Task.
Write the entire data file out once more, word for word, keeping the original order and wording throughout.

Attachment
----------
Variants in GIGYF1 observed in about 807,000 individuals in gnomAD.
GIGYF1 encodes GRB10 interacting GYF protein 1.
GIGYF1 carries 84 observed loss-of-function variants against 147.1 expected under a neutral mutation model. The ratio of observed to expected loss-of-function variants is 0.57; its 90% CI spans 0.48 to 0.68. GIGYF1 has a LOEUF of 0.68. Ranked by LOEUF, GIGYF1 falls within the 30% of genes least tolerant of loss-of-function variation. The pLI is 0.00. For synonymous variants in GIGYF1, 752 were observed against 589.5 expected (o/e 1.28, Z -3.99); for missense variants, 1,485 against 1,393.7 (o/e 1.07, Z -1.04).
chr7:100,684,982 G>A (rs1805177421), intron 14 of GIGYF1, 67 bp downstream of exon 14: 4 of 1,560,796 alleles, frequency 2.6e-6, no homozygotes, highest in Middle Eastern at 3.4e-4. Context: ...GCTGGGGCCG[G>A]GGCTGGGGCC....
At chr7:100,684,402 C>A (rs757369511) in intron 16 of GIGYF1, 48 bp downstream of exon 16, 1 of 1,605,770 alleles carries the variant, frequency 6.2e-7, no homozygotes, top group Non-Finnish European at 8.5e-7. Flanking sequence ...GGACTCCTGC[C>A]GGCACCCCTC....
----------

Variants in GIGYF1 observed in about 807,000 individuals in gnomAD.
GIGYF1 encodes GRB10 interacting GYF protein 1.
GIGYF1 carries 84 observed loss-of-function variants against 147.1 expected under a neutral mutation model. The ratio of observed to expected loss-of-function variants is 0.57; its 90% CI spans 0.48 to 0.68. GIGYF1 has a LOEUF of 0.68. Ranked by LOEUF, GIGYF1 falls within the 30% of genes least tolerant of loss-of-function variation. The pLI is 0.00. For synonymous variants in GIGYF1, 752 were observed against 589.5 expected (o/e 1.28, Z -3.99); for missense variants, 1,485 against 1,393.7 (o/e 1.07, Z -1.04).
chr7:100,684,982 G>A (rs1805177421), intron 14 of GIGYF1, 67 bp downstream of exon 14: 4 of 1,560,796 alleles, frequency 2.6e-6, no homozygotes, highest in Middle Eastern at 3.4e-4. Context: ...GCTGGGGCCG[G>A]GGCTGGGGCC....
At chr7:100,684,402 C>A (rs757369511) in intron 16 of GIGYF1, 48 bp downstream of exon 16, 1 of 1,605,770 alleles carries the variant, frequency 6.2e-7, no homozygotes, top group Non-Finnish European at 8.5e-7. Flanking sequence ...GGACTCCTGC[C>A]GGCACCCCTC....